Teenage musician Charlie Whittam, 16, launches new EP in Longridge
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The 16 year old music student from Longridge, near Preston, will be on home ground this week for the launch of his very first EP.
The extended play CD, entitled Denial, features four tracks which were recorded at a Ribble Valley sound studio.
It will be launched on Friday, March 18, with a follow up launch party at Fullaloves Wines in Longridge on Sunday, March 20, at 6 pm.
It’s an exciting step along the route to securing what he hopes will be a successful career in music.
For more about Charlie’s role in Longridge Does Christmas see here.Charlie is on the first year of a two year course at creative media college Access Creative College in Manchester.
For the former pupil of Longridge High School and Barnacre Road School, inspiration has come from close to home, with one poignant track dedicated to the memory of his grandma who died from dementia.
He explained: "I write about things that have happened to me. If I write about something I don’t know about I don’t think it will come out good!”
His grandma Kathleen Burke died in 2016. He said: ”She lived with us or a while towards the end of her life, so I saw her every day and we were very close. It was a sad thing that happened and my mum was obviously devastated. I thought I’d write a song from my mum’s perspective about my grandma’s death.”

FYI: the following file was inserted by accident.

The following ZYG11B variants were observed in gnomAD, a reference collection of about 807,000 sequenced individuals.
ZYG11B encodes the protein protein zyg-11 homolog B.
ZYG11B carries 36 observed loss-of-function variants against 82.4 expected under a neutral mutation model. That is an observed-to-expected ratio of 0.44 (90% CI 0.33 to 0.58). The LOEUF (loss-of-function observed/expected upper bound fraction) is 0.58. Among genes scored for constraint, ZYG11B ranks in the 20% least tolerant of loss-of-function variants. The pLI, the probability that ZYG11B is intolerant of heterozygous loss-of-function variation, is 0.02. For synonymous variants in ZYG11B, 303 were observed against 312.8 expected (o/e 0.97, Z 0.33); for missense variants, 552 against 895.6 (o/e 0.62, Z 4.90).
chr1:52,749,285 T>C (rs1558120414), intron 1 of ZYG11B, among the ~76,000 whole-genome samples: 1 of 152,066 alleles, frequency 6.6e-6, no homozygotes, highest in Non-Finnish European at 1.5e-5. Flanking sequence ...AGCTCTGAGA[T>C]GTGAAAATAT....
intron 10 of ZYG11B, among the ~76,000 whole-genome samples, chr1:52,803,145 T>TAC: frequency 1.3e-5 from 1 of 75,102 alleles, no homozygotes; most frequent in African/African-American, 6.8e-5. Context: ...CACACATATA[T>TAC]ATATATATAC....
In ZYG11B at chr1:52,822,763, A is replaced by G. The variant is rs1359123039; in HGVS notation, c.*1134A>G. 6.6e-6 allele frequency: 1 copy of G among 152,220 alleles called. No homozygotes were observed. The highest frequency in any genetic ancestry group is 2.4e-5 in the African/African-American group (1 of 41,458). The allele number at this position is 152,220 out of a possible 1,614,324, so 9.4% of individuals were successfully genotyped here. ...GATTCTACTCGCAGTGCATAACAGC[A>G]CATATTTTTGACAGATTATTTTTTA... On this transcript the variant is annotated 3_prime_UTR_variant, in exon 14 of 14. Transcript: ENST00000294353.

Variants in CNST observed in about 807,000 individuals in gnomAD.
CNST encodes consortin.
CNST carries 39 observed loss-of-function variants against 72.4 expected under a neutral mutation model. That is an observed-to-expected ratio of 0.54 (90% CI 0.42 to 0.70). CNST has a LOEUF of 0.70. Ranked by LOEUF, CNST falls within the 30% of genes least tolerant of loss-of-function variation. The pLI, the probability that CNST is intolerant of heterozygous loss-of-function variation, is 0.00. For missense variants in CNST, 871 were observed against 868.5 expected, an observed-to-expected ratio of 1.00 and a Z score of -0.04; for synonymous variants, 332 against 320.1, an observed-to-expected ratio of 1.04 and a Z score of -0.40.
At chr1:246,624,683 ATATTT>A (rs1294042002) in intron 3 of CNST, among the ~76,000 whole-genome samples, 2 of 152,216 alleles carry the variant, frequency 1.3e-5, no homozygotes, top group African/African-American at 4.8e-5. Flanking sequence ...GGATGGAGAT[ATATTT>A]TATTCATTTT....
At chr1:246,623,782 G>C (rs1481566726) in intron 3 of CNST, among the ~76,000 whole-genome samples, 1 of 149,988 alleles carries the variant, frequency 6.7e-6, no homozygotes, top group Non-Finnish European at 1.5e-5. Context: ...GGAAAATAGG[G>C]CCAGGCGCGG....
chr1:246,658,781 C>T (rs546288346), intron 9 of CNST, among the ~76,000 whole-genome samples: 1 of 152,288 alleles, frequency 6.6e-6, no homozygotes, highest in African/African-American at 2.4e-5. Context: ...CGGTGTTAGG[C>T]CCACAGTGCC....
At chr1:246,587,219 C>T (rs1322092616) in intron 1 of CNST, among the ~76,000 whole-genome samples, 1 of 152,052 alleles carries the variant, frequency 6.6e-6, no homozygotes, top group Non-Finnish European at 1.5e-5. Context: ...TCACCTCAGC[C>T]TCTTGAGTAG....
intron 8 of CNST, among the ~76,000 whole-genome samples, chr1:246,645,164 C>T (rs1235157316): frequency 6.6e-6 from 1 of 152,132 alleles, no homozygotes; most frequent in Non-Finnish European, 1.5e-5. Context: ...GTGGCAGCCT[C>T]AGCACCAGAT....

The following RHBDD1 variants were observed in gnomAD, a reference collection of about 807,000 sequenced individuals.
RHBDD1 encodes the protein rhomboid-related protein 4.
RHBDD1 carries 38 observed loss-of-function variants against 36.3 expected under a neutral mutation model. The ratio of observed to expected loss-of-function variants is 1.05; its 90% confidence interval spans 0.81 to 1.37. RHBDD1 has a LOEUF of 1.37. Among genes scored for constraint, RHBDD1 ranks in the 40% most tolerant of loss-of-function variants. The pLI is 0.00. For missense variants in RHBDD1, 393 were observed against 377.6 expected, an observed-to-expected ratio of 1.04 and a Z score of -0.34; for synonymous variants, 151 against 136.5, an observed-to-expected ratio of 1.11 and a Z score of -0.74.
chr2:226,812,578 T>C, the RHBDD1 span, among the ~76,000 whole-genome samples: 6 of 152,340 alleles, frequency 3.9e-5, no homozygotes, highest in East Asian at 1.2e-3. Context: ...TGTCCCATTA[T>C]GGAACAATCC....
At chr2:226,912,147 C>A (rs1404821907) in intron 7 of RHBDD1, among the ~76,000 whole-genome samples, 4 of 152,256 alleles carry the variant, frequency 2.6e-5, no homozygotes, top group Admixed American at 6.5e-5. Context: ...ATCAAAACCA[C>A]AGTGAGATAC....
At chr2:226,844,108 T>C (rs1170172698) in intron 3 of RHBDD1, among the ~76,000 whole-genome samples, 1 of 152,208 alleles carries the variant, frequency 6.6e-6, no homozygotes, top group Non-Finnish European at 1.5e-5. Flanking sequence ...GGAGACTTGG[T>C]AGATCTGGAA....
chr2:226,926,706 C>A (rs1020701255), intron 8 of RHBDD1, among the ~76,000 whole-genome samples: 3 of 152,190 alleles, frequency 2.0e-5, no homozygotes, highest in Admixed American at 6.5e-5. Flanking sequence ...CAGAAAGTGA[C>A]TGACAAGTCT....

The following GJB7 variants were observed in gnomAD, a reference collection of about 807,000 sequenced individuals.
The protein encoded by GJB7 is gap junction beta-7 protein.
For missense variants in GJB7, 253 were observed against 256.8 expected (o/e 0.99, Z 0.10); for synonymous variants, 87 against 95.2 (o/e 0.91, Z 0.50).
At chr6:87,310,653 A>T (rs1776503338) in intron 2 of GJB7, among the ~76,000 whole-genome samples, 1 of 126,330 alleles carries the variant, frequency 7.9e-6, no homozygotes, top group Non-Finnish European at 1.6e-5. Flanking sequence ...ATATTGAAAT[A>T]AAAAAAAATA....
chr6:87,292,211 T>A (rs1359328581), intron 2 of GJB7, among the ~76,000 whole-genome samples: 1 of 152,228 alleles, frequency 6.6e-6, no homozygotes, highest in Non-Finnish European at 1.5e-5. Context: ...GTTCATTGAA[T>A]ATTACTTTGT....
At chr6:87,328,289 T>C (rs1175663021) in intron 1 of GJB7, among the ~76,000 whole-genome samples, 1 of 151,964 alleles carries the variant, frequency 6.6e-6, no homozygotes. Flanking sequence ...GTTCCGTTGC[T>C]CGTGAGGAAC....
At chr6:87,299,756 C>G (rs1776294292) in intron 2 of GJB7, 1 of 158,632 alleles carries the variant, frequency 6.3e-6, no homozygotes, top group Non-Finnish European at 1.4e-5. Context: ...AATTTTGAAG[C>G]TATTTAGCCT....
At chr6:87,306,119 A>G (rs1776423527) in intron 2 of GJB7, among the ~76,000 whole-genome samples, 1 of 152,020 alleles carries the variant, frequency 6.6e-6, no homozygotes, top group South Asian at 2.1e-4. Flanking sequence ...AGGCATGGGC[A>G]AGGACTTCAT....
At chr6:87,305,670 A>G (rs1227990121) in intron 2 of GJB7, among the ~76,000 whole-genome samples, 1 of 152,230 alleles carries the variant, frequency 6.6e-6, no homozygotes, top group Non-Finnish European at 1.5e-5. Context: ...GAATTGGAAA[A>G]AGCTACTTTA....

Charlie is planning to write and perform four more EPs during his college course to make a collection about the five stages of grief, exploring different musical genres along the way. He said: “The five stages of grief are denial, anger, bargaining, depression and acceptance. I do hope people will relate to the songs.”
Describing his other songs on the debut EP he said: I’ve got a song about wanting to be with someone but knowing they are not the right person for you, one is about an abusive relationship and being unaware you are in an abusive relationship because of manipulation and One of a Kind is where you are denied – I wrote about Romeo and Juliet ... they were denied each other.”
Charlie started playing guitar at the age of 10, taught by his father Justin and later had guitar lessons for four years. He said: “ I play guitar, piano, the bass guitar, the ukulele and sing. When I play live I use only a guitar and a loop pedal to give the effect of a live band.”
His parents have helped finance the recordings and Charlie has also contributed to his business costs through his earnings from gigs at local pubs.
Not surprisingly, given some of the subject matter of his recordings, Debbie finds the tracks very moving. She said: “He looks at me and rolls his eyes – mum’s crying again. That (first) track Honest means so much to me.”
She added: “He has worked really hard, very hard. I just hope he will get some recognition. He really does deserve it.”